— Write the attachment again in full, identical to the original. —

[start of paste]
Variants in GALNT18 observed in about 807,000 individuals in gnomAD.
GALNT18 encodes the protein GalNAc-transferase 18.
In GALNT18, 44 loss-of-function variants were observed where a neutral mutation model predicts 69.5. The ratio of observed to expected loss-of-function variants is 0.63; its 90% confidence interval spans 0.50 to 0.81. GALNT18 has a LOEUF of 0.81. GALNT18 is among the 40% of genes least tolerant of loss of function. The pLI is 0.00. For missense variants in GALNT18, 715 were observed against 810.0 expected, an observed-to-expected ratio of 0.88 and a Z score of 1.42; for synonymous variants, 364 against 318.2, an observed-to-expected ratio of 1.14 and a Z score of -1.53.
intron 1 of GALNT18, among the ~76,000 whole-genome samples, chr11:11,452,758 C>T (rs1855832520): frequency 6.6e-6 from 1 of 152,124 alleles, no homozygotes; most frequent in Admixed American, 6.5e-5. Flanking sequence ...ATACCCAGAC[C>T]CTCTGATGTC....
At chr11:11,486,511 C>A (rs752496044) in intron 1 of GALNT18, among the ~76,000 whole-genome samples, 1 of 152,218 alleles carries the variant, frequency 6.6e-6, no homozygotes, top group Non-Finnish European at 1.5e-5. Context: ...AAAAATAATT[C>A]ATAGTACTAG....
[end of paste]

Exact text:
Variants in GALNT18 observed in about 807,000 individuals in gnomAD.
GALNT18 encodes the protein GalNAc-transferase 18.
In GALNT18, 44 loss-of-function variants were observed where a neutral mutation model predicts 69.5. The ratio of observed to expected loss-of-function variants is 0.63; its 90% confidence interval spans 0.50 to 0.81. GALNT18 has a LOEUF of 0.81. GALNT18 is among the 40% of genes least tolerant of loss of function. The pLI is 0.00. For missense variants in GALNT18, 715 were observed against 810.0 expected, an observed-to-expected ratio of 0.88 and a Z score of 1.42; for synonymous variants, 364 against 318.2, an observed-to-expected ratio of 1.14 and a Z score of -1.53.
intron 1 of GALNT18, among the ~76,000 whole-genome samples, chr11:11,452,758 C>T (rs1855832520): frequency 6.6e-6 from 1 of 152,124 alleles, no homozygotes; most frequent in Admixed American, 6.5e-5. Flanking sequence ...ATACCCAGAC[C>T]CTCTGATGTC....
At chr11:11,486,511 C>A (rs752496044) in intron 1 of GALNT18, among the ~76,000 whole-genome samples, 1 of 152,218 alleles carries the variant, frequency 6.6e-6, no homozygotes, top group Non-Finnish European at 1.5e-5. Context: ...AAAAATAATT[C>A]ATAGTACTAG....